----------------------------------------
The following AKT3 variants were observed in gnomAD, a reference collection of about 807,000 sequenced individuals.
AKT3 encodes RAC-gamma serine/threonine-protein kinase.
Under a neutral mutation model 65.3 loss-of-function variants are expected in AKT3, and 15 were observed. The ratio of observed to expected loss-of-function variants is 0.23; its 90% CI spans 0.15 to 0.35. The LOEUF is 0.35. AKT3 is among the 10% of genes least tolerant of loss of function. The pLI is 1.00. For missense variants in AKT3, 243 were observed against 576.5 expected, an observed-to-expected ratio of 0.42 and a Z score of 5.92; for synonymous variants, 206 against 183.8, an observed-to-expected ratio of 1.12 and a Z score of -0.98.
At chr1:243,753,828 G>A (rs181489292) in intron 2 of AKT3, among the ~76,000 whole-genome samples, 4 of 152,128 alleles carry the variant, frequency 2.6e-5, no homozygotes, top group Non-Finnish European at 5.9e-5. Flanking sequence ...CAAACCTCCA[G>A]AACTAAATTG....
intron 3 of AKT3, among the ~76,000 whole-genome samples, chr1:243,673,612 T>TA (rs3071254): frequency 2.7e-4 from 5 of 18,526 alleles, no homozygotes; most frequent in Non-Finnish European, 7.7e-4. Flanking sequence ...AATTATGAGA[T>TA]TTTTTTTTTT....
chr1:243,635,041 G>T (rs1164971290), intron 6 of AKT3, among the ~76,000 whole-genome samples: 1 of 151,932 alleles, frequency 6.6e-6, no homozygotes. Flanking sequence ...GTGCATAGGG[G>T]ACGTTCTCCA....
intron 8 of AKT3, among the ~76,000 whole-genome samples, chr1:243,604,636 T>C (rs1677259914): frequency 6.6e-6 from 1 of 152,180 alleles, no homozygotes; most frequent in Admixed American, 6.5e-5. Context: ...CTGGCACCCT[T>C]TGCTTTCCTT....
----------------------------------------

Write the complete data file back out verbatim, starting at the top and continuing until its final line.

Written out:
The following AKT3 variants were observed in gnomAD, a reference collection of about 807,000 sequenced individuals.
AKT3 encodes RAC-gamma serine/threonine-protein kinase.
Under a neutral mutation model 65.3 loss-of-function variants are expected in AKT3, and 15 were observed. The ratio of observed to expected loss-of-function variants is 0.23; its 90% CI spans 0.15 to 0.35. The LOEUF is 0.35. AKT3 is among the 10% of genes least tolerant of loss of function. The pLI is 1.00. For missense variants in AKT3, 243 were observed against 576.5 expected, an observed-to-expected ratio of 0.42 and a Z score of 5.92; for synonymous variants, 206 against 183.8, an observed-to-expected ratio of 1.12 and a Z score of -0.98.
At chr1:243,753,828 G>A (rs181489292) in intron 2 of AKT3, among the ~76,000 whole-genome samples, 4 of 152,128 alleles carry the variant, frequency 2.6e-5, no homozygotes, top group Non-Finnish European at 5.9e-5. Flanking sequence ...CAAACCTCCA[G>A]AACTAAATTG....
intron 3 of AKT3, among the ~76,000 whole-genome samples, chr1:243,673,612 T>TA (rs3071254): frequency 2.7e-4 from 5 of 18,526 alleles, no homozygotes; most frequent in Non-Finnish European, 7.7e-4. Flanking sequence ...AATTATGAGA[T>TA]TTTTTTTTTT....
chr1:243,635,041 G>T (rs1164971290), intron 6 of AKT3, among the ~76,000 whole-genome samples: 1 of 151,932 alleles, frequency 6.6e-6, no homozygotes. Flanking sequence ...GTGCATAGGG[G>T]ACGTTCTCCA....
intron 8 of AKT3, among the ~76,000 whole-genome samples, chr1:243,604,636 T>C (rs1677259914): frequency 6.6e-6 from 1 of 152,180 alleles, no homozygotes; most frequent in Admixed American, 6.5e-5. Context: ...CTGGCACCCT[T>C]TGCTTTCCTT....